Friday, March 11, 2016

Hook and Ladder

Unintentionally, we had a front row seat to a situation.

Sitting at Cask Cafe with the garage doors rolled up to this gorgeous evening, a car sped by at a terrifying speed, especially considering it was Robinson Street. Moments later, a fire truck did the same, followed by four or five more fire trucks.

So many vehicles continued tearing down the street that the capacity crowd at Cask barely even registered the sirens or lights after the first.

Or maybe they were distracted by the noisy Saison pop-up happening inside.

Fortunately we'd managed to nab the last open table when we walked into a sea of humanity milling around the bar. A restaurant friend spotted me from across the room and gave a thumbs up to the pastrami taco, shouting her recommendation over the heads of the crowd.

Given how busy the servers were, it seemed wisest to just order most everything on tonight's pop-up menu and go from there.

Mildest in flavor profile was the achiote grilled shrimp taco with avocado crema and cilantro slaw. Most flavorful was chicken tinga, crunchy with onion and radish. Spiciest was Chorizo-potato in a corn tortilla. And, yes, most distinctive was pulled brisket pastrami with Swiss, pickled cabbage and mustard seed and Russian dressing on a rye tortilla.

A side of chunky guacamole had us adding a schmear to everything.

Our only issue was the thickness of the housemade tortillas, which supplied too much breadiness, proportionately speaking, to the fillings. That said, the rye tortilla was nothing short of brilliant in combination with the usual suspects inside.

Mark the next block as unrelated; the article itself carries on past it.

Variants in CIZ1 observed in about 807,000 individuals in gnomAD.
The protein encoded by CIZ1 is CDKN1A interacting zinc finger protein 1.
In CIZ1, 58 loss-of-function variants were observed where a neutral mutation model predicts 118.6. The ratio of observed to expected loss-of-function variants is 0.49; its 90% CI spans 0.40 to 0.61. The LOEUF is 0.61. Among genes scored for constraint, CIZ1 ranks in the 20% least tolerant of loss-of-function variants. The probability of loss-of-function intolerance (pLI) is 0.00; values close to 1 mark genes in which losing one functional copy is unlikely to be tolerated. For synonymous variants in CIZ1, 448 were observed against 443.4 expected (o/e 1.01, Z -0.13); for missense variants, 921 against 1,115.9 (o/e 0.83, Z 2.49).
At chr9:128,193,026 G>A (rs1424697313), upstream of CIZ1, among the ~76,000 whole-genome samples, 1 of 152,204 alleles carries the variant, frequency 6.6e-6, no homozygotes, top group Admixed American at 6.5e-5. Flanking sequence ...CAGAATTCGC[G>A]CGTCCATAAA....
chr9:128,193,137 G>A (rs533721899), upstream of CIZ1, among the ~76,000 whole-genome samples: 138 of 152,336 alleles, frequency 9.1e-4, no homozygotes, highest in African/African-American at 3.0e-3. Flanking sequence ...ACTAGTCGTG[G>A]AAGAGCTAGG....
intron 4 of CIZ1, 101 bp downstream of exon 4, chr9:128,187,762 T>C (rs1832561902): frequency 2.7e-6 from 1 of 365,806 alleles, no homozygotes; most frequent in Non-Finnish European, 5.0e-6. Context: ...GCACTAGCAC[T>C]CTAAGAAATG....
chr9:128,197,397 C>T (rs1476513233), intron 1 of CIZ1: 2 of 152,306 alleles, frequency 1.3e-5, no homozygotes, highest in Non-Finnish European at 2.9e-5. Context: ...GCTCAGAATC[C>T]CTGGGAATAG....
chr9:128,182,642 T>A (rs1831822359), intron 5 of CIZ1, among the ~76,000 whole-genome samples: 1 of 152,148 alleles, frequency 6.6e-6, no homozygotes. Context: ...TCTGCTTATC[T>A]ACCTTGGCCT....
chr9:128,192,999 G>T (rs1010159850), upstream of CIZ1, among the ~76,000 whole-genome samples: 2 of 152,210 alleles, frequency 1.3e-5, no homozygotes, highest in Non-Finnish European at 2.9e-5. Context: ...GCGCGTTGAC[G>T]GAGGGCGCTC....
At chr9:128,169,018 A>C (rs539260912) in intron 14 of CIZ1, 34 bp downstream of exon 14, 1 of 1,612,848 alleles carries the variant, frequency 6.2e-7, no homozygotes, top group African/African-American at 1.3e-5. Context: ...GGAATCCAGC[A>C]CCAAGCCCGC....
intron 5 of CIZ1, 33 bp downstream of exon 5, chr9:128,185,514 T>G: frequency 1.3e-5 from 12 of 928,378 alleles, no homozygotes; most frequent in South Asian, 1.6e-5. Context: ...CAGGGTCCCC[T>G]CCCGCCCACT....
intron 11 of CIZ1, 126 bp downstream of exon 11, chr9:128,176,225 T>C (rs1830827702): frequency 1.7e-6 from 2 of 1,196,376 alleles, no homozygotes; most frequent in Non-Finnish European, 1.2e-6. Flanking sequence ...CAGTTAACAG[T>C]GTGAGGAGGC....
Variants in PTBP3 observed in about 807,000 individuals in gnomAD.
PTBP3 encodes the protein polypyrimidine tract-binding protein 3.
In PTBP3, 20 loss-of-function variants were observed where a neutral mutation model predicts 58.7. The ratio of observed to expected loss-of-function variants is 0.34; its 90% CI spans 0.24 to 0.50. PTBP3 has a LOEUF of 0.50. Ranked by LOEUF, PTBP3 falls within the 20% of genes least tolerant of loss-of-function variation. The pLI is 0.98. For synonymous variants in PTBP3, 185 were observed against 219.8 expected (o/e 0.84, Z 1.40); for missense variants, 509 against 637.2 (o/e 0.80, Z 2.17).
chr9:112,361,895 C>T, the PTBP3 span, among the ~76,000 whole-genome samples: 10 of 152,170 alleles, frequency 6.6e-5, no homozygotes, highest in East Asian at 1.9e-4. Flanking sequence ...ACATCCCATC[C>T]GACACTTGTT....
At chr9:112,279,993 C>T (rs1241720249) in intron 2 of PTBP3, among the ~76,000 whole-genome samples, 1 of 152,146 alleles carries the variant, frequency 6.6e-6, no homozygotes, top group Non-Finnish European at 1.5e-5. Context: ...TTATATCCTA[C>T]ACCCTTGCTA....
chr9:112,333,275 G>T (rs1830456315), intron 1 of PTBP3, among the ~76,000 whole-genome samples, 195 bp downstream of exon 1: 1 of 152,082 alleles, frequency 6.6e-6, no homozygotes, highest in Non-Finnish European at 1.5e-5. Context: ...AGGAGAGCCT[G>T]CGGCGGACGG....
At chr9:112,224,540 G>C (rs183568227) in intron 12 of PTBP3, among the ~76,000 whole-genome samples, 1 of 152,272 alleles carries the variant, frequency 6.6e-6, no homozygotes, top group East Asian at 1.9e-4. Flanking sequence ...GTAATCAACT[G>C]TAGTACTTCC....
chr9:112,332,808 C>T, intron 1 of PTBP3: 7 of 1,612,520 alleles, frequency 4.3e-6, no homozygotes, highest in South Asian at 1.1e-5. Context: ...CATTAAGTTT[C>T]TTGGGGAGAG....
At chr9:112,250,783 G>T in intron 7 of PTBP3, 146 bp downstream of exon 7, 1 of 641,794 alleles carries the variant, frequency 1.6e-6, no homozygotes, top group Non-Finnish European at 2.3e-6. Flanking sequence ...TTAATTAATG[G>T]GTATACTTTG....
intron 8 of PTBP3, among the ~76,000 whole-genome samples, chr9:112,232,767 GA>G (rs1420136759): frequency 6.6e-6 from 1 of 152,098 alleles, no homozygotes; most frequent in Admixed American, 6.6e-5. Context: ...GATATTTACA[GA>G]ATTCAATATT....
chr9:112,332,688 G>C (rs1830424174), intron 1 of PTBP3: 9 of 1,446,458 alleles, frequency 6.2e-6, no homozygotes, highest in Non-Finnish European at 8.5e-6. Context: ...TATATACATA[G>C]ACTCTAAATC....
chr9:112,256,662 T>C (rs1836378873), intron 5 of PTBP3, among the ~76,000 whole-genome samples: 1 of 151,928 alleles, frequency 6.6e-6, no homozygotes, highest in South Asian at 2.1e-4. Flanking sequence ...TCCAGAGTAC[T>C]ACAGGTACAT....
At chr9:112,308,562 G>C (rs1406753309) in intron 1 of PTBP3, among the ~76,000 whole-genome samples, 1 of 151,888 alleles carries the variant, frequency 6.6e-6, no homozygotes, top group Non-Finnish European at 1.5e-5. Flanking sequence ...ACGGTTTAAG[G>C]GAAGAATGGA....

When we left Cask, we could see that a police car blocked access to Idlewood, confirming where the fire must have been, but all looked calm now on the southern front, so we drove on to Richmond Triangle Players to see their offering for the Richmond Acts of Faith Festival.

"Lazarus Syndrome" dealt with Elliott, a now-middle aged man taking a cocktail of drugs twice a day to combat his HIV-positive status, his "cheerer-upper" actor boyfriend, Steven ("You'll always be younger than me. I hate that'), brother Neil, who swears he's happy no matter how it looks otherwise, and father Jack, there to remind his sons of their family history and Jewishness.

At its most basic, it was a play about grieving for the losses we all experience, except that it was also told in an often humorous way, such as when Jack tells son Neil, "You name my grandchild Katelynn? It's like a knife in my heart!"

Better he should have named her Rachel or Esther?

The action centered around a big Jewish meal that Jack makes and brings over after taking cooking classes when his wife died. The joke is that he hadn't resorted to that until he'd eaten every last bite of food she'd left in Tupperware containers in the freezer for him.

I have no doubt that my mother will do the same, continuing to feed my father from the grave long after she's gone.

Playing brother Neil, Andrew Boothby was the standout, my friend and I agreed, with his easy conversational tone (even when speaking through a full mouth of sandwich) and perfect timing. We'd liked him in "Gypsy," but we loved him in this.

He never seemed to be acting with a capital "A."

The play was a terrific choice for the AoF festival, dealing with how we as humans go on after those around us are gone, whether in the Holocaust, the World Trade Centers or simply through age, disease or tragedy.

We do it through faith, because we have no other choice but to affirm life, preferably with a little humor.

Discussing the play afterwards, my friend compared how people who experienced the disasters in the play handled life to the post-Civil War era when soldiers who'd made it through battle and disease had to return home and jump back into farming again in order to survive.

She thought there was something about digging in the dirt and looking forward to future crops that represented a kind of therapy they desperately needed.

Everybody hurts, REM famously said. The people whose home went up in flames tonight are undoubtedly experiencing that right now. I know from my own catastrophic loss many years ago that life goes on, assuming you embrace it.

Of course, being a cheerer-upper myself, I couldn't have done anything else.

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